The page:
There’s something to be said for a long bus-ride through a country. It’s like a sneak peak into its landscape. Your bus takes you through a magical ride: small villages and bustling cities, rolling mountains and lush fields, ghost towns and farmer’s markets are all there for your eyes to see, simply for the cost of your bus ticket.
Tim and I have had many bus rides over the course of the past 10 months, and most of them have been memorable for one reason or another. Overflowing toilets, water seeping through the ceiling onto our heads, bananas thrown at our feet, touts selling viagara, people playing fiddles, people throwing up in the aisles, the bus stopping for 45 minutes to serve breakfast along the side of the road only 20 minutes away from our final destination, stomach aliments during 24-hour bus rides with only one overflowing toilet available and no toilet paper in sight. There’s something romantic about it all, like the old train journeys of yesterday.
And so, you can imagine, that Tim and I were very much looking forward to our upcoming 24 hour bus ride from Istanbul, Turkey to Athens, Greece. Yup, we were looking forward to it about as much as one can at the prospect of being trapped in a long metal box with sniffling and snoring strangers for 24 hours.
Several months ago, we had checked out prices for a flight from Istanbul to Athens. It was then that we discovered the price for one airline ticket was $600 USD, versus only $85 USD for the bus ride. And so there was absolutely no way we could justify spending $1200 for a 1 hour flight when we only had to pay $170 for the bus…even if the bus ride would be 24 hours long.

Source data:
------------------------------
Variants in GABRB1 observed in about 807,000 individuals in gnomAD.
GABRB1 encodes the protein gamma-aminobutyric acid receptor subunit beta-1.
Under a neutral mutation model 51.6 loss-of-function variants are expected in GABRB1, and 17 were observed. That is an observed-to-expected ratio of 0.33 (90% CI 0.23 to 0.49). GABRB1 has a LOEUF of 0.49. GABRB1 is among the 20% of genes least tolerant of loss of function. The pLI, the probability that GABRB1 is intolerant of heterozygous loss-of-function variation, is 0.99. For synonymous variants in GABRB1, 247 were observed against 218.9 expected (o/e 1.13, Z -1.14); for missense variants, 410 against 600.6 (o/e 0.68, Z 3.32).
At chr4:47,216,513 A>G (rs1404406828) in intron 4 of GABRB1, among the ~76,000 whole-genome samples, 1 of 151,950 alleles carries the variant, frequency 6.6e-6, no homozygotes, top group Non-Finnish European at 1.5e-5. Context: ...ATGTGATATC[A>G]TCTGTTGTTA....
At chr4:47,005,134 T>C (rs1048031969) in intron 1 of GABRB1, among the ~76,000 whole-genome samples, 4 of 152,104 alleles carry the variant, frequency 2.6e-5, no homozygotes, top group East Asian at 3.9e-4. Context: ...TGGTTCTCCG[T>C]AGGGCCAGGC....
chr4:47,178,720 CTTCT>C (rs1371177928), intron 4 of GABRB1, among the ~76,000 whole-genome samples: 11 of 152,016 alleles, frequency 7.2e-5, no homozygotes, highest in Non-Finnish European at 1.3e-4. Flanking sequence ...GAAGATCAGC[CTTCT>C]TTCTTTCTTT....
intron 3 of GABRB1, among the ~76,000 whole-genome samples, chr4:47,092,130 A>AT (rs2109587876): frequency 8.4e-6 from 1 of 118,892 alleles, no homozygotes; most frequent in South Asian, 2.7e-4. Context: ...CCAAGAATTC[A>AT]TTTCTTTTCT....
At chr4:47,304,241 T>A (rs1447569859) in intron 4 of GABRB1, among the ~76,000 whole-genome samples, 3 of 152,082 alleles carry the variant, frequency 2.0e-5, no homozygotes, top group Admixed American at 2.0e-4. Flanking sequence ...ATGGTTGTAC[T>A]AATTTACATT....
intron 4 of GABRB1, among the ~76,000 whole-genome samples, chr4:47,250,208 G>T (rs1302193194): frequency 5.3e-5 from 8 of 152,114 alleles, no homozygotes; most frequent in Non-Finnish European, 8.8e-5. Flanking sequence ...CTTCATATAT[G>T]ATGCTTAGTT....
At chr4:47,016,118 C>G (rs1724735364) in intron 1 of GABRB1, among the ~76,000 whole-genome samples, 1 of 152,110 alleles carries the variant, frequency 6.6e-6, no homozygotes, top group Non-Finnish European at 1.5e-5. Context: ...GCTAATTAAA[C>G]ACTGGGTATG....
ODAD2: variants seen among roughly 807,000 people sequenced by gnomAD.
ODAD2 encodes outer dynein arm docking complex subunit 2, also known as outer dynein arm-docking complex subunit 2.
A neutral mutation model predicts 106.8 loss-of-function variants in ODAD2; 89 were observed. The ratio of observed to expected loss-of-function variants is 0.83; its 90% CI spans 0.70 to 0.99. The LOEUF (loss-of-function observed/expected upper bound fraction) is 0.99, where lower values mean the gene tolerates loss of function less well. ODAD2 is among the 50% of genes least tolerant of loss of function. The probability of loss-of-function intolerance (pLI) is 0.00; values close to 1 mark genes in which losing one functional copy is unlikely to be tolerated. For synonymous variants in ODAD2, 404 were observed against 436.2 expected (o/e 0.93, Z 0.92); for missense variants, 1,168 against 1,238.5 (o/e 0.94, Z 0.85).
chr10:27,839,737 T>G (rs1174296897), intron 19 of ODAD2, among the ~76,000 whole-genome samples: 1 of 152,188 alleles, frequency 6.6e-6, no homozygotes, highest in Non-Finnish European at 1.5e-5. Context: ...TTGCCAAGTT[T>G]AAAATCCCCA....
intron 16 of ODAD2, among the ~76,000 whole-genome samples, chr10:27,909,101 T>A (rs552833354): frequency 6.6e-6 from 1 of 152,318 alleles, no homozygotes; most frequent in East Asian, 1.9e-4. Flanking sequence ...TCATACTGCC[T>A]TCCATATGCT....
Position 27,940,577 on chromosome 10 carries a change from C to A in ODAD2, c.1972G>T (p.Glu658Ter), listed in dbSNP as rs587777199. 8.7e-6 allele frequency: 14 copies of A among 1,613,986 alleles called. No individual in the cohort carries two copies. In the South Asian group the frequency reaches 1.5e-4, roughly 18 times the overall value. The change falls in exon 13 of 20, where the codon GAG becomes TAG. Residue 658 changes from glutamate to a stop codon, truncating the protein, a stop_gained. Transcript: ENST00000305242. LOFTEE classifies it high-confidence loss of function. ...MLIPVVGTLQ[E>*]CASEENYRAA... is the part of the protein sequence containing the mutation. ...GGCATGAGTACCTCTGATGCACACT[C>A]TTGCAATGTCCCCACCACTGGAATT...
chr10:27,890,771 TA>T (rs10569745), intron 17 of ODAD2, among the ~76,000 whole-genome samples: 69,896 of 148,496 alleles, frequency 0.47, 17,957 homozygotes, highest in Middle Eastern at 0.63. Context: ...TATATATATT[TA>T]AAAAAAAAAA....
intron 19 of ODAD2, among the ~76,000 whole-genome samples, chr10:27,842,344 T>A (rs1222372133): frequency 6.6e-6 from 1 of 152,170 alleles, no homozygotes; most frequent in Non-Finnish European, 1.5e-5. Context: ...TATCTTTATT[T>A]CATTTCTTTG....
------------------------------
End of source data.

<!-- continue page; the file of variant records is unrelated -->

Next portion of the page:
We experienced nine lovely weeks in Turkey, and it will undoubtedly remain one of our most favorite countries. And all throughout our travels in Turkey, we knew what was in store for us at the end of our nine weeks: that 24 hour bus ride from Istanbul to Athens. The words overwhelming dread come to mind.
Now, it’s not that Tim and I can’t do long bus trips. We can, quite well in fact. There was the 40 hour bus journey (yup, 40 hours) from Argentina to Peru, via Chile. And the 24 hour bus journey from Ica, Peru to Cuzco, Peru, via the Andes mountains (and trust me, nothing says fun like switchback turns over a giant mountain range when you’ve come down with a violent stomach problem).